During the recent BIR Convention, attendees discussed China’s influence, EU export limitations on steel scrap, and scrap price expectations for the remainder of 2021.
For the remainder of 2021, steel prices are anticipated to fall in the coming months at a slightly greater percentage rate versus any decline in ferrous scrap prices. Tom Knippel of US-based SA Recycling noted the “decoupling” of new steel and scrap prices as the high historical prices of new steel were not sustainable long term either in the US or globally. Knippel noted that global ferrous scrap demand would support the prices on the raw material.
Due to demand from China, billet prices skyrocketed above the gains of ferrous scrap through Q1 and Q2 2021.
As China undertakes its 14th five-year plan environmental analysis, the country reduced its reliance on iron ore for steelmaking and increasing its consumption of scrap and steel billets in newer electric arc furnaces. The shift could result in 10mn mt of scrap imports annually as China’s crude steel production peaks in 2022.
Japan and South Korea have emerged as leading suppliers to China on geographical proximity and can facilitate P&S and shredded scrap grades as most aligned to the country’s strict import specification requirements. As demand from the country grows, the US and EU are expected to also become significant sources.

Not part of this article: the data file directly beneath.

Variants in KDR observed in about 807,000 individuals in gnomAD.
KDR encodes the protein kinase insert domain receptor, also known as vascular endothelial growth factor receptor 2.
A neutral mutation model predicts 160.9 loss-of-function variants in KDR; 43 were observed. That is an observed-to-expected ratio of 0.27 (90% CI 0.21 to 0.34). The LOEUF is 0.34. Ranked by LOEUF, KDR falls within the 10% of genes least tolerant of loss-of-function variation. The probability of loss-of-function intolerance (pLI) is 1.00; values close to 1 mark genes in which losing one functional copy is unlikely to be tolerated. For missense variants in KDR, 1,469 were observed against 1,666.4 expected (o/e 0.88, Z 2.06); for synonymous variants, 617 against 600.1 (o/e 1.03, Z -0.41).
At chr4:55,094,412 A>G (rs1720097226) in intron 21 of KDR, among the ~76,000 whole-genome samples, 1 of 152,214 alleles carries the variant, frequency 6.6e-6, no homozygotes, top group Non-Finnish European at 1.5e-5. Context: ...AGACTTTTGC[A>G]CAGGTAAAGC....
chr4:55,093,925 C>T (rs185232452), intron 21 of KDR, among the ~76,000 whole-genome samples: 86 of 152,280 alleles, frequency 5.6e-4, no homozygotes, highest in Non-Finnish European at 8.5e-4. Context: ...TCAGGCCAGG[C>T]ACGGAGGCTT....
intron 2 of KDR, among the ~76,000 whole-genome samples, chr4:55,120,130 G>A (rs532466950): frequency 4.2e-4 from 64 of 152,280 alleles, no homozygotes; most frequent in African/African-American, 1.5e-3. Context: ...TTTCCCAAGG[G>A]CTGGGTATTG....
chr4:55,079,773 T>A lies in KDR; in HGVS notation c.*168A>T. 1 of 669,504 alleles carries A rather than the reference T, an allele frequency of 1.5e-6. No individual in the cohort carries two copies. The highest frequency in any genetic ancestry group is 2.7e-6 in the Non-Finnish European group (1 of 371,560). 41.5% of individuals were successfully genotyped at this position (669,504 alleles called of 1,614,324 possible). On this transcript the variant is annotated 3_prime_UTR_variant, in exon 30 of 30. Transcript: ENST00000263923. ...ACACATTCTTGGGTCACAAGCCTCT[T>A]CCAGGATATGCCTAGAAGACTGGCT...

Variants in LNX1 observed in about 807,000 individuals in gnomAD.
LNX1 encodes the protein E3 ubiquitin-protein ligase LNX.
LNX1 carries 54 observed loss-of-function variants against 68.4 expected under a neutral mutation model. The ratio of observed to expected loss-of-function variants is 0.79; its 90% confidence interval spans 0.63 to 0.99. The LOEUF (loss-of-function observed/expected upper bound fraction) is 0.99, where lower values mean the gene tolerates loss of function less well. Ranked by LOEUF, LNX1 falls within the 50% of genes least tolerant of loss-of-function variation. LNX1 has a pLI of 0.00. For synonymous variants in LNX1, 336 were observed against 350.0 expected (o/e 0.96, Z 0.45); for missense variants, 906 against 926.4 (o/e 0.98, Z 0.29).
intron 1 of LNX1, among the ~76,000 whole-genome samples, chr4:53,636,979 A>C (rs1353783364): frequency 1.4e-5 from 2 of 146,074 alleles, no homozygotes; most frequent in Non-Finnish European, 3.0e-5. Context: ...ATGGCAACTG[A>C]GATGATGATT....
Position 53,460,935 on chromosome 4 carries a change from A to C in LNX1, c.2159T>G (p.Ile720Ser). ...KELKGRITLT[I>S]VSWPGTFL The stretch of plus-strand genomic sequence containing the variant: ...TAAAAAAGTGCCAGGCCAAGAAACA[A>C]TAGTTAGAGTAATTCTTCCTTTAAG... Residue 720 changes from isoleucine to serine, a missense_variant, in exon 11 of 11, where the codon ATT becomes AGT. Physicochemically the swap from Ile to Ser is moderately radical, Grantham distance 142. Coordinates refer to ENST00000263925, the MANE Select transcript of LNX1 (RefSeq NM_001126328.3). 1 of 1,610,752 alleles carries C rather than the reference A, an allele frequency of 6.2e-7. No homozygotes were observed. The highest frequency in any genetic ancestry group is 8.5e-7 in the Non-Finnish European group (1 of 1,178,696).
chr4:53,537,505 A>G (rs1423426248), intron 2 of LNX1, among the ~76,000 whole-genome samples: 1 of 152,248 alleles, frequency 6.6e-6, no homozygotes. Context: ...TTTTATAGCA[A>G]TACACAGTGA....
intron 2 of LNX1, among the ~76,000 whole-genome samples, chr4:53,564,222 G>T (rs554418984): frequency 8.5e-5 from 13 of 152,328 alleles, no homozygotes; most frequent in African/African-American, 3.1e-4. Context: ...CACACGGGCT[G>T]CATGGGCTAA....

Denis Reuter of German-based TSR Recycling noted that the USA and Europe were facing a lower generation of prime scrap driven by the chip issues affecting production in the automotive sector. The lower prime scrap availability has increased the use of shredded in steelmaking composition and scrap alternatives.
Reuter expressed concerns over proposed changes to EU export shipment regulations that could limit exports of materials designated as “waste” only to those facilities which operated in broad accordance with the health and environmental standards established in EU law. While a full ban of EU metals exports is not anticipated, the situation could limit flows to emerging markets. Schnitzer highlighted that ferrous should not be considered waste, but a recycled raw material. Regardless, recent petitions from various MP’s throughout the EU are calling on limits to ferrous scrap exports to ensure raw materials for the domestic steel industry.